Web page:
Business & Economics Book Reviews (page 175)

KENNETH JAY LANE by Kenneth Jay Lane
Released: Oct. 1, 1996

"Now, writing with Miller, he shares the secrets of his inspirations and creations. (Abrams; $35.00; Oct.; 160 pages; ISBN 0-8109-3579-1; color and b&w photos)"
If you're just a little bored with Tiffany's (a girl can use only so many tasteful diamonds, after all), here's a change: Kenneth Jay Lane: Faking It, the fabulous faker's tribute to himself and his 30-years-plus as a creator of wildly imaginative costume jewelry. Read full book review >
TUG OF WAR by Paul Erdman
Released: Sept. 30, 1996

"An accessible interpretive briefing on currency exchange rates and why they matter to a host of constituencies ranging from policy makers to consumers."
Though best known in recent years as the author of fiscal entertainments (Zero Coupon, 1993, etc.), the Canadian-born Erdman is a bona fide economist and former Swiss banker. Read full book review >

Released: Sept. 27, 1996

"Straightforward and insightful, Reid-Merritt's study offers valuable insights into a significant subject. (Author tour)"
A provocative investigation into the lives of African-American women who have achieved leadership roles in American society despite the barriers of sexism and racism. Read full book review >
Released: Sept. 15, 1996

"All this makes for fascinating, engaged reading—but always with the caveat that the authors' vision of a thoughtfully conversational politics is the unlikeliest of pipe dreams."
An imaginative program for recasting the conduct of American political dialogue. Read full book review >
Released: Sept. 9, 1996

"An uncommonly sensible challenge to conventional wisdom on a complex issue that's sure to be a focus of partisan debate in the 1996 presidential election and beyond."
A career technocrat's immensely informative, albeit against- the-grain, analysis of the perceived problems of federal budget deficits. Read full book review >

Released: Sept. 1, 1996

"Although it's not clear whether the electric car is the real thing, this business adventure story has heroes, a villain or two, and genuine hope for the future. (16 pages b&w photos, not seen)"
Allowed complete access to GM's top-secret electric-car project, Shnayerson tells the story of the assorted VPs and engineers as if this were a thriller. Read full book review >
BLUE SKY DREAM by David Beers
Released: Sept. 1, 1996

Beers's ``communal memoir'' chronicles not just a family, but an era, an industry and a demographic segment that once represented the best—or worst—America offered, depending on your point of view. Read full book review >
Released: Aug. 30, 1996

"A wish-list tract amounting to the triumph of hope over experience for its trust in the constructive capacities of big government."
An ultraliberal academic's immodest proposal for a new world socioeconomic order—one appreciably more statist than those envisioned by Plato in his Republic or Thomas Hobbes in Leviathan. Read full book review >
Released: Aug. 12, 1996

"An informed history of a company in turmoil and the inside story of America's obsession, for better or worse, with cars. (9 pages b&w photos, not seen)"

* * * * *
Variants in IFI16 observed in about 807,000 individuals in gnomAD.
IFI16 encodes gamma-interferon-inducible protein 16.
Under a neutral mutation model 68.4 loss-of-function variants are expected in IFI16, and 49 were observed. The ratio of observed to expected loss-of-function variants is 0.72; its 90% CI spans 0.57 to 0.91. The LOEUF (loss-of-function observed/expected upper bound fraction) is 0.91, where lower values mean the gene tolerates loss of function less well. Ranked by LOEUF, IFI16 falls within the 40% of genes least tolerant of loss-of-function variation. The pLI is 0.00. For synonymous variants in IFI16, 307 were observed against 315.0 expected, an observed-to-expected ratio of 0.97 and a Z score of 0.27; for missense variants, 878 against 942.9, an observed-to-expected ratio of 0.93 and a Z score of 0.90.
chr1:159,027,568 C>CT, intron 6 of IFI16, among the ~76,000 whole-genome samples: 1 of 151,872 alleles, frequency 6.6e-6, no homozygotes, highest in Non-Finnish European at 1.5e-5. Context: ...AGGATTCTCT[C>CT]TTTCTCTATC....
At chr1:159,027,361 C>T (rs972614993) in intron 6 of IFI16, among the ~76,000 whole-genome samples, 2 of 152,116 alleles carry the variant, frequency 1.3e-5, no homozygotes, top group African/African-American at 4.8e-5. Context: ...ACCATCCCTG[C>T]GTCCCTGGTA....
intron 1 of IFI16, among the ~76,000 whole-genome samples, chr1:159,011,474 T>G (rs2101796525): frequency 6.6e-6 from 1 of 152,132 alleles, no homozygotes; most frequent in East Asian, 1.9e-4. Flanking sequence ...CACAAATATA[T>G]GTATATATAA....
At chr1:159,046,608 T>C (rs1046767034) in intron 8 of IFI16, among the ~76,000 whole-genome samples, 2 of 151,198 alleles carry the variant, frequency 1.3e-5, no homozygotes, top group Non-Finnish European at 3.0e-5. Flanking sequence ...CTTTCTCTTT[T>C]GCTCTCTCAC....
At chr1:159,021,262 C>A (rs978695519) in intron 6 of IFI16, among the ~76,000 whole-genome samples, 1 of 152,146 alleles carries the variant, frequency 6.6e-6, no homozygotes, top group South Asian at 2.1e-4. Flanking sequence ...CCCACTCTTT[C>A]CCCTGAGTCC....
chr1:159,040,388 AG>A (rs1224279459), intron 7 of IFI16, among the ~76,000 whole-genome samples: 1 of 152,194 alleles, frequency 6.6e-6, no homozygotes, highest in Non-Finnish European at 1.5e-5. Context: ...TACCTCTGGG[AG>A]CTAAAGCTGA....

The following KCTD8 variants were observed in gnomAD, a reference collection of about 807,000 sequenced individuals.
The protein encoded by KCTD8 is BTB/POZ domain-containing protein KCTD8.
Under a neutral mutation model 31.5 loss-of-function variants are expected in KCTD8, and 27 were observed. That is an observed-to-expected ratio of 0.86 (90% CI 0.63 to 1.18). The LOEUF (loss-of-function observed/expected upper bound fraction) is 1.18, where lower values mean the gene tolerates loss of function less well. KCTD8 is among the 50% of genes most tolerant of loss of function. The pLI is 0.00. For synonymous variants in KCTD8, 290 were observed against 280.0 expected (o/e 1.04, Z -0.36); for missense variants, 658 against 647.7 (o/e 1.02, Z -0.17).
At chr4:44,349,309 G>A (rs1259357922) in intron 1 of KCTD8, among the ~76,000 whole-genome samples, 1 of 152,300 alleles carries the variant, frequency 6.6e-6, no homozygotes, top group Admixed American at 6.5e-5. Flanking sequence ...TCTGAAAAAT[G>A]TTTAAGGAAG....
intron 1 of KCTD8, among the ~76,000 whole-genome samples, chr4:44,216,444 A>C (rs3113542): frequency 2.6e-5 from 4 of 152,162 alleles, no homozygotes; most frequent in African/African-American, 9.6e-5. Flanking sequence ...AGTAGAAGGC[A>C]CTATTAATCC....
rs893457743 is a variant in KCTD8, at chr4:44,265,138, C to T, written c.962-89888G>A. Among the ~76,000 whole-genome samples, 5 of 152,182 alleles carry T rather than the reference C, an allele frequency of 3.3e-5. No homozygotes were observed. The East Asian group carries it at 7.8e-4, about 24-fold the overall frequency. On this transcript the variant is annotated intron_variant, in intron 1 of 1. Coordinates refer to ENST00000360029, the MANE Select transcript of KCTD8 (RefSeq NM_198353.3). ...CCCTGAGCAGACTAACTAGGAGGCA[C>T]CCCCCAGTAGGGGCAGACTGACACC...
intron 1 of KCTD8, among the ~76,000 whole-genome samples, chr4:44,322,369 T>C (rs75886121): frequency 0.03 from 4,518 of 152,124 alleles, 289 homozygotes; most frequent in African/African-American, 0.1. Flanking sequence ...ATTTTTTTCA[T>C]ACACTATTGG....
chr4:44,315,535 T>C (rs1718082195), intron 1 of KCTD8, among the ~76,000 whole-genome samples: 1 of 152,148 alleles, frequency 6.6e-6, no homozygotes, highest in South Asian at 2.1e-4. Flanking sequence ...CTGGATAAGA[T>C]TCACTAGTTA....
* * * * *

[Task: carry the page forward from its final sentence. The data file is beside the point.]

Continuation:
Yates, as the proverbial fly on the wall, observes the internal workings of Chrysler, from the boardrooms to the assembly lines, at a critical moment in its recent history. Read full book review >
HIDDEN ORDER by David D. Friedman
Released: Aug. 5, 1996

"A surprisingly lucid and useful book, and about as appealing as economics gets. (National radio satellite tour)"
Friedman, son of venerable ``No Free Lunch'' economist Milton, here analyzes the familiar to elucidate economic theory. Read full book review >
Released: Aug. 5, 1996

"Amid the usual gaffe-and-gotcha campaign journalism (which TNR itself has sometimes been guilty of), a bracing reminder of the enduring issues."
Joining a mighty stream of political titles appearing between now and Election Day, these 43 typically trenchant essays from the high-buzz Washington journal delight in tweaking conservative noses—and liberal ones, too. Read full book review >
Released: Aug. 1, 1996

"Uncommonly sensible and convincingly documented perspsectives on the import of human resources in an era that places a premium on flexible, street-smart manufacturing. (Author tour)"
Wilms, who teaches at UCLA's Graduate School of Education and Information Studies, looks into the future of American manufacturing and concludes it could be made to work again in certain circumstances. Read full book review >
Kirkus Interview
Maria Goodavage
October 24, 2016

Wherever the president goes, there will be dogs. They’ll be there no matter what the country or state. They’ll be there regardless of the political climate, the danger level, the weather, or the hour. Maria Goodavage’s new book Secret Service Dogs immerses readers in the heart of this elite world of canine teams who protect first families, popes, and presidential candidates: the selection of dogs and handlers, their year-round training, their missions around the world, and, most important, the bond—the glue that holds the teams together and can mean the difference between finding bombs and terrorists or letting them slip by. Secret Service Dogs celebrates the Secret Service’s most unforgettable canine heroes. It is a must-read for fans of Maria Goodavage, anyone who wants a rare inside view of the United States Secret Service, or just loves dogs. “Goodavage’s subjects and their companions are quirky and dedicated enough to engage readers wondering about those dogs on the White House lawn,” our reviewer writes. View video >